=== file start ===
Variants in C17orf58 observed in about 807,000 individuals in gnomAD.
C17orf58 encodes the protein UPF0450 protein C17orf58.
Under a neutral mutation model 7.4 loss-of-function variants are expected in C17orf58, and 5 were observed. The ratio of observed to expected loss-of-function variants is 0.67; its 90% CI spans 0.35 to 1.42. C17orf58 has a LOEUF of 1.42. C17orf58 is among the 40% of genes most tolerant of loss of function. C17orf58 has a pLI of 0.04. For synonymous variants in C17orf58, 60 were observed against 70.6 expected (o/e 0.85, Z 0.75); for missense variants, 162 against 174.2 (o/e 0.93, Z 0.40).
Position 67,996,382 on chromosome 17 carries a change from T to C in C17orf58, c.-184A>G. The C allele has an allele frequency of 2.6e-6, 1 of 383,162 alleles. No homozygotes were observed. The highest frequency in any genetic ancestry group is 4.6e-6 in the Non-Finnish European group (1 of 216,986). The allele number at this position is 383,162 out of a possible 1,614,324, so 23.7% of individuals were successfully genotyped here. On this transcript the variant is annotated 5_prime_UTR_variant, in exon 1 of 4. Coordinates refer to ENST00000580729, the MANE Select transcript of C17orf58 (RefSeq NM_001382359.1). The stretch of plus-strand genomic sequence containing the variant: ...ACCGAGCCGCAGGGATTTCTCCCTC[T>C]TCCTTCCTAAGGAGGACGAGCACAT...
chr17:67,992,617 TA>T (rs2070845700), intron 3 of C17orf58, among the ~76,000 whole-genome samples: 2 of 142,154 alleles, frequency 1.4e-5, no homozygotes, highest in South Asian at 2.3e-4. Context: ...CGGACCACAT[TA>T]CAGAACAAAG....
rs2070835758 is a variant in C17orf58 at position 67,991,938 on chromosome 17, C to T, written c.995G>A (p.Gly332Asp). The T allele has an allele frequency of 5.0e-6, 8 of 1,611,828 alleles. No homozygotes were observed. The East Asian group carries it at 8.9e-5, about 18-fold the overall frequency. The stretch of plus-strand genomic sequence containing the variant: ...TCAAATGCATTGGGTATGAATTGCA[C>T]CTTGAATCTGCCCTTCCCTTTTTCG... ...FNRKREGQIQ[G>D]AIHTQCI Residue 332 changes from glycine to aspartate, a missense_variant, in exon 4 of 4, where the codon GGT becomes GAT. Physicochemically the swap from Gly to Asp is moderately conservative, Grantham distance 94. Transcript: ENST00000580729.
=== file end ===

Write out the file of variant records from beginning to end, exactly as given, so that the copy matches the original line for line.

Variants in C17orf58 observed in about 807,000 individuals in gnomAD.
C17orf58 encodes the protein UPF0450 protein C17orf58.
Under a neutral mutation model 7.4 loss-of-function variants are expected in C17orf58, and 5 were observed. The ratio of observed to expected loss-of-function variants is 0.67; its 90% CI spans 0.35 to 1.42. C17orf58 has a LOEUF of 1.42. C17orf58 is among the 40% of genes most tolerant of loss of function. C17orf58 has a pLI of 0.04. For synonymous variants in C17orf58, 60 were observed against 70.6 expected (o/e 0.85, Z 0.75); for missense variants, 162 against 174.2 (o/e 0.93, Z 0.40).
Position 67,996,382 on chromosome 17 carries a change from T to C in C17orf58, c.-184A>G. The C allele has an allele frequency of 2.6e-6, 1 of 383,162 alleles. No homozygotes were observed. The highest frequency in any genetic ancestry group is 4.6e-6 in the Non-Finnish European group (1 of 216,986). The allele number at this position is 383,162 out of a possible 1,614,324, so 23.7% of individuals were successfully genotyped here. On this transcript the variant is annotated 5_prime_UTR_variant, in exon 1 of 4. Coordinates refer to ENST00000580729, the MANE Select transcript of C17orf58 (RefSeq NM_001382359.1). The stretch of plus-strand genomic sequence containing the variant: ...ACCGAGCCGCAGGGATTTCTCCCTC[T>C]TCCTTCCTAAGGAGGACGAGCACAT...
chr17:67,992,617 TA>T (rs2070845700), intron 3 of C17orf58, among the ~76,000 whole-genome samples: 2 of 142,154 alleles, frequency 1.4e-5, no homozygotes, highest in South Asian at 2.3e-4. Context: ...CGGACCACAT[TA>T]CAGAACAAAG....
rs2070835758 is a variant in C17orf58 at position 67,991,938 on chromosome 17, C to T, written c.995G>A (p.Gly332Asp). The T allele has an allele frequency of 5.0e-6, 8 of 1,611,828 alleles. No homozygotes were observed. The East Asian group carries it at 8.9e-5, about 18-fold the overall frequency. The stretch of plus-strand genomic sequence containing the variant: ...TCAAATGCATTGGGTATGAATTGCA[C>T]CTTGAATCTGCCCTTCCCTTTTTCG... ...FNRKREGQIQ[G>D]AIHTQCI Residue 332 changes from glycine to aspartate, a missense_variant, in exon 4 of 4, where the codon GGT becomes GAT. Physicochemically the swap from Gly to Asp is moderately conservative, Grantham distance 94. Transcript: ENST00000580729.